With reference to the structure, role and functions of the EU Commission, the EU Council of Ministers and the EU Parliament, critically explain to what extent you consider the EU to be a democratic organization.
Due to the expansion of the European Union’s power, the EU’ s institutions are able to legislate and enjoy jurisdiction over all the Member States that are a part of the EU. This shift in sovereignty from national to international sovereignty has caused great unease with those Member States and in particular with regards to the democracy of the EU’ s institutions. This paper will investigate the structure, role and functions of the EU’ s institutions and whether they can truly purport to be democratic international institutions.
Due to the sui generis nature of EU law, the EU’ s institutions do not fall into the typical national categories of legislature, executive and judiciary as such. Therefore, a formal separation of power is not applicable when dealing with EU law. There is much overlap between the functions of each institution. There are five institutions in total: the European Commission; the Council of Ministers; the European Parliament; the Court of Justice and the Court of First Instance. Concentrating on the first three only, we shall now look at their respective functions, composition and structure.
The EU Commission (The “Commission”)
The Commission is a supranational institution as its members seek to achieve what is in the best interests of the EU. Article 211 of the EC Treaty sets out the Commission’s functions but in short, the Commission’s function consists of considering, proposing and legislating. Many policies start at the Commission and then it administers them whilst checking that the EU’ s other organs are implementing them correctly. It drafts legislation and often, rather than legislating itself, passes it on to the Council or the Parliament to legislate. Two important sources of the Commissions influence derives from its ability to deliver opinions on any EU matter, and its obligation to publish an annual report on the activities of the EU as both of these give the Commission scope to influence policy debates. In practice, the Commission is the most relevant with regards to interaction with the legal profession as it decides matters that are directly relevant to issues that relevant to their clients.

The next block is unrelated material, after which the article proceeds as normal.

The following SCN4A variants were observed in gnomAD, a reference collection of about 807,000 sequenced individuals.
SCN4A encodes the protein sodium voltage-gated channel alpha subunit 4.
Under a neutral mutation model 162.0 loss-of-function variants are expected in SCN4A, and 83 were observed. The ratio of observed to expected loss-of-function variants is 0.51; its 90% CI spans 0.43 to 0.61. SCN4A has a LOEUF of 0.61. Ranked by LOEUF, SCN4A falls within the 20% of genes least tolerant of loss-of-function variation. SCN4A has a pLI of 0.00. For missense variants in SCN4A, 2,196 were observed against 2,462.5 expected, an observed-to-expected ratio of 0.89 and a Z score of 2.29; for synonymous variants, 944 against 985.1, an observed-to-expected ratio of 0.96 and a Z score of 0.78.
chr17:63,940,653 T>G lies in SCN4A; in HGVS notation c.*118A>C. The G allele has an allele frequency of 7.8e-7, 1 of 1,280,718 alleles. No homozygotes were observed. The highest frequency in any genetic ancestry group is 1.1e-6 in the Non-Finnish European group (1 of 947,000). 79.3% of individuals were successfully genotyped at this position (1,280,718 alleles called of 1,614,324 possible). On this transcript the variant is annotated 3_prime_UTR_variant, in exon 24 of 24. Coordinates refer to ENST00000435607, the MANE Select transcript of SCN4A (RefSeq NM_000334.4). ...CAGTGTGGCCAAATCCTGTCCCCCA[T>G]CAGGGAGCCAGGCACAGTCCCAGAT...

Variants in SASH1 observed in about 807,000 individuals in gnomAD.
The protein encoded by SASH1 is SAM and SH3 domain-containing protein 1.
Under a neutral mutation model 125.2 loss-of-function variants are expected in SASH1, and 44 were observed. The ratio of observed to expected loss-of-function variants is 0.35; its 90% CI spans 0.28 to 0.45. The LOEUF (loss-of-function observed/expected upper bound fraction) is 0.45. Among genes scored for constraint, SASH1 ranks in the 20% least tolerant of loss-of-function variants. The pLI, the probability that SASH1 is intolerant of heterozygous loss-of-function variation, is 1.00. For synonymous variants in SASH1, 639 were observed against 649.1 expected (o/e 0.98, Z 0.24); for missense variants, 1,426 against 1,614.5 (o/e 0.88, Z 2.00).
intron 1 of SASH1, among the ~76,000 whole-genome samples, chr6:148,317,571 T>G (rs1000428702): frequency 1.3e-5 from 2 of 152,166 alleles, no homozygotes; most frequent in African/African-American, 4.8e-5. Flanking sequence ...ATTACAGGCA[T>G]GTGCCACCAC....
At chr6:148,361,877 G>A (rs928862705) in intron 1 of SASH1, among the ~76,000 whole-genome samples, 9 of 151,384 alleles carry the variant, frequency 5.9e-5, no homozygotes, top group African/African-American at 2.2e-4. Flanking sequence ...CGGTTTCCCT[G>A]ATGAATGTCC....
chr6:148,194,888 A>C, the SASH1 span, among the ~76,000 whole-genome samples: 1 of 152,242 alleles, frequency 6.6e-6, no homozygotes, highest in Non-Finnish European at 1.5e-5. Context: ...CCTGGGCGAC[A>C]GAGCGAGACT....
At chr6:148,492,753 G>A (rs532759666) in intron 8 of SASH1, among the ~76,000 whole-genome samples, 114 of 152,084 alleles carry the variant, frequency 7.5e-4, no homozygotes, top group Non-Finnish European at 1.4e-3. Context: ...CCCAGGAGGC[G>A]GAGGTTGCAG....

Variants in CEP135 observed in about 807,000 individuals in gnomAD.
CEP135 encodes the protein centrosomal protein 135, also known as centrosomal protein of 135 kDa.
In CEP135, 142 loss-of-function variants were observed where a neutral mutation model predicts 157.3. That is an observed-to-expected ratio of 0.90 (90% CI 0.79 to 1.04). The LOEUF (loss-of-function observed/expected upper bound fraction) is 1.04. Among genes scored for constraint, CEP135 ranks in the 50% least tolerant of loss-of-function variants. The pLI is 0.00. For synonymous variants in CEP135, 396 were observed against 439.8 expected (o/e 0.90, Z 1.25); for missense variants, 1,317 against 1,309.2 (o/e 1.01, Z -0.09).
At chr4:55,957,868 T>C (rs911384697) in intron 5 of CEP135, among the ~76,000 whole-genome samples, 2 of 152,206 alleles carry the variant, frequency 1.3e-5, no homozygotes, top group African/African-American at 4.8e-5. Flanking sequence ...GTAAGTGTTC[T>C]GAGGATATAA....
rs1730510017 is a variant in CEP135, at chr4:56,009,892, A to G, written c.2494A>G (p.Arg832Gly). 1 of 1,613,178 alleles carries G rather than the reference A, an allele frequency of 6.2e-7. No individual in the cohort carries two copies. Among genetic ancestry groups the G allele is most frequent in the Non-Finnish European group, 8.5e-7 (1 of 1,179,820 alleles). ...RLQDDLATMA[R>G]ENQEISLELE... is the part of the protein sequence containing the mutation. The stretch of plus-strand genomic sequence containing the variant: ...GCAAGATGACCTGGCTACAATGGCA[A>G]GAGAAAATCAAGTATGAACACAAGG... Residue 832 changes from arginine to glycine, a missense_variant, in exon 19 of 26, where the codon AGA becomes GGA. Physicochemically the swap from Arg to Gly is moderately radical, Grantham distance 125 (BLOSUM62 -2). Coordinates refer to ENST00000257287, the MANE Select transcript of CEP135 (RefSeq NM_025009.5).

The Commission comprises of 27 members, each one nominated by each Member State. One of the Commissioners serves as its President and there are five Vice- Presidents. Each Member State agrees first on a candidate to become the President of the Commission and then the other members follow. The Member States then nominate the other members of the Commission along with the President’s approval. The Parliament must approve en bloc the composition of the Commission as it may block the whole of it. Art 213 EC shows that each member must act independently from their Member States instructions thus emphasizing the independent nature of the Commission.
Each Commissioner is responsible for their respective specific portfolio. The Commission can be split into three broad departments where its own Commissioner heads it. The policy department deals with economic, environmental, social, agricultural issues. The external relations department deals with development, expansion, aid and trade. The services department works on advising on policy, informatics, infrastructure and logistics, legal services and administration.
The EU Council Of Ministers (The “Council”)
Under Art 202 of the EC Treaty, the Council is to be regarded as the political and law-making organ where it maintains co-ordination of economic policies of Members States. It makes decisions and confers powers to the Commission. It is not an independent organ; it represents the national interests of Member States and differs to the Commission.
Art 203 EC states that the Council is to comprise of a representative from each Member State who is then authorized by its government to bind that Member State. It is usually the Foreign Minister of each state who fulfils this role. However, if the Council has to discuss a specific issue (i.e. agriculture) then the Agricultural Minister from all Member States would be required to attend. A President presides over the Council and is chosen from one Member State for six months. This is then rotated amongst the Member States. Gaining Presidency is significant as the President has the ability to set the agenda for the Council and so matters that are pertinent to that Member State shall be given a high priority.
The Council votes on issues via a majority of its members and is regarded as the primary decision-making institution. The population of each Member State determines the weighting of voting. Most of the Council’s work is completed by the Committee of Permanent Representatives (COREPER) are permanent diplomats who supplement the Council. Most Commission proposals are given to COREPER who then attempt to reach a consensus and around 90 per cent of decisions are taken at this level.
The EU Parliament (The “Parliament”